Duterte warns of fresh terror threat in the Philippines

Debris flies in the air as Philippine Air Force fighter jets bomb suspected locations of militants in the southern city of Marawi on June 9, 2017. Months after "neutralizing" the Daesh-linked militants, the Philippines is again on alert over fresh terror threats in the south. (AP Photo/Aaron Favila)
Updated 18 January 2018

Duterte warns of fresh terror threat in the Philippines

MANILA: Philippine President Rodrigo Duterte has warned of a fresh terror threat against his country.

“Maybe it’s good to anticipate that there’s going to be (a terror attack) in the coming days,” Duterte said in a speech this week, amid reports that an increasing number of foreign fighters are now in the Philippines.

“They’d like to blow up (places where) people converge: In airports, seaports, and parks, because of what happened in the Mindanao provinces,” Duterte added, referring to the defeat of Daesh-backed militants who laid siege to Marawi City in Mindanao for five months last year.

“As I have said, the threat remains,” the president continued, adding: “My advice to our security forces, the AFP (Armed Forces of the Philippines) and PNP (Philippine National Police), in this matter of security against terrorism, is that no quarter should be asked, and no quarter given.”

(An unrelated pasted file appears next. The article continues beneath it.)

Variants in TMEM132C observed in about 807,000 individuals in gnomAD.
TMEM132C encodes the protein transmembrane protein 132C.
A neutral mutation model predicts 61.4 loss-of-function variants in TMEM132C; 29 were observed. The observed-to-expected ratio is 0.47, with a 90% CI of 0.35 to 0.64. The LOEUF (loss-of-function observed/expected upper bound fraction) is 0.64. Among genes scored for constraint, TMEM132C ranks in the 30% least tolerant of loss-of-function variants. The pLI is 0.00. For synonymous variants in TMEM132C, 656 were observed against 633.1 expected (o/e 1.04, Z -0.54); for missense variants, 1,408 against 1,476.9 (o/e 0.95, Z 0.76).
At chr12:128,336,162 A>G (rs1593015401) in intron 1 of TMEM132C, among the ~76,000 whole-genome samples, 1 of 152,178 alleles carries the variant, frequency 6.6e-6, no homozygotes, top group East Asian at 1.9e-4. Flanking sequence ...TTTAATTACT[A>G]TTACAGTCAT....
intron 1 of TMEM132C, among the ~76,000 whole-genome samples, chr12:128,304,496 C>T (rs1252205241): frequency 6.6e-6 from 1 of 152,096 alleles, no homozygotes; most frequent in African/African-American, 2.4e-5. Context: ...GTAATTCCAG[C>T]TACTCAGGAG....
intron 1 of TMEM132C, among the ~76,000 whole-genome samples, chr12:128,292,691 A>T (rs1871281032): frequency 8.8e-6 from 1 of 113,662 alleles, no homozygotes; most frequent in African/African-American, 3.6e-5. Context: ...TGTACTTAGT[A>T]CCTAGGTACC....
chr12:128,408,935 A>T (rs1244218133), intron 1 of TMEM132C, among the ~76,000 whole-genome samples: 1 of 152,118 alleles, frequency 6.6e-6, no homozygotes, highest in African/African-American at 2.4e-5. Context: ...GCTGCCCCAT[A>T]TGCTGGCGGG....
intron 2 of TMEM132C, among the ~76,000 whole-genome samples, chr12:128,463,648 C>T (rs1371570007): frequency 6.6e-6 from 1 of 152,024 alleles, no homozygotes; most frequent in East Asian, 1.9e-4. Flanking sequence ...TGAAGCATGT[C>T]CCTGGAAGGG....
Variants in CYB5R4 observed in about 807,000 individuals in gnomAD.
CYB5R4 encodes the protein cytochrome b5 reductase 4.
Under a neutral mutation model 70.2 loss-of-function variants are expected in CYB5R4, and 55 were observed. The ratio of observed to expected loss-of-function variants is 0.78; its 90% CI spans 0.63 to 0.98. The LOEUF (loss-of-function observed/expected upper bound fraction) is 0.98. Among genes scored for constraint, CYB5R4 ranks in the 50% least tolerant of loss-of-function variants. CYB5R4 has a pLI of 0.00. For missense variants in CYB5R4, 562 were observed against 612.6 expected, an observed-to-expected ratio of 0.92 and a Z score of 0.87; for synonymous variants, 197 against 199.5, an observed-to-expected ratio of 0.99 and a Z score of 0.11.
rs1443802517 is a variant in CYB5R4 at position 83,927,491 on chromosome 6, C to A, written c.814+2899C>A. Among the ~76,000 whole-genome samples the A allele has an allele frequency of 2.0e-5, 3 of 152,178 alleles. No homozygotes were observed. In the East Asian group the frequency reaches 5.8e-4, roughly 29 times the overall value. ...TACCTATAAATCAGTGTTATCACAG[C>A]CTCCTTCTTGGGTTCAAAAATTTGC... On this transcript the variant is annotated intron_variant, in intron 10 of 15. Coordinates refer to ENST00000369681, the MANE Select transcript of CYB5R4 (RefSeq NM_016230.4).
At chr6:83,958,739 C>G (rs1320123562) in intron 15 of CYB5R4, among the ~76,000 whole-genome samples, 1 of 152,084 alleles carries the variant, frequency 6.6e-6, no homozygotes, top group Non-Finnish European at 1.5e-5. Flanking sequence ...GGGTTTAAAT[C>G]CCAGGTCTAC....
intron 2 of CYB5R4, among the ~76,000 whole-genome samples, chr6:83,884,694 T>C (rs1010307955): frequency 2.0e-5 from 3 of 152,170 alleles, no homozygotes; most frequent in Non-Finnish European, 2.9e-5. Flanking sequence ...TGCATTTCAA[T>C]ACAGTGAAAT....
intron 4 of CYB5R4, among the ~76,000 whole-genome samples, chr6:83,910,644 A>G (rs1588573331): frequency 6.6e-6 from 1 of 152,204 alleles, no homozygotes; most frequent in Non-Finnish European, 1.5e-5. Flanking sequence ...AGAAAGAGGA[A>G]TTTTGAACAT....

Earlier, Secretary of National Defense Delfin Lorenzana told the country’s elite special forces to prepare for a possible repeat of the Marawi siege in another city.

Lorenzana admitted authorities are looking into the reported entry of a number of foreign terrorists into the southern Philippines.

Mohaquer Iqbal, chief negotiator of the Moro Islamic Liberation Front (MILF), had previously warned that the defeat of the Maute group in Marawi City does not mean the defeat of Daesh-oriented groups in Mindanao.

“Expect that they will surface once again,” he said.

Talking to Arab News, Iqbal reiterated his statement on the increasing number of foreign fighters in the southern Philippines.

“What has been validated by our side is that there is a continuous inflow of foreign elements that are suspected to be Daesh-connected individuals,” Iqbal said.

The army recently reported they have identified 48 foreign terrorists currently in the Philippines and told the Supreme Court on Wednesday that a number of terrorists had entered the southern Philippines posing as businessmen or tourists.

Iqbal confirmed that MILF’s intelligence backs up the army’s figures, saying, “We have around 90 percent validated (the presence of foreign terrorists). We have reliable reports to that effect.”

Some of those foreign terrorists arrived in the country after the Marawi siege ended in October, he said. Many arrived via the island provinces of Sulu and Basilan, and a number of them are “Caucasian-looking.”

Early this week, an article released by the Asian think tank Rajaratnam School of International Studies (RSIS) said that the deaths of Filipino militant leaders Isnilon Hapilon — the Daesh-designated emir in Southeast Asia — and Omarkhayam Maute, “have not fundamentally reduced or removed the jihadi threat in the region.”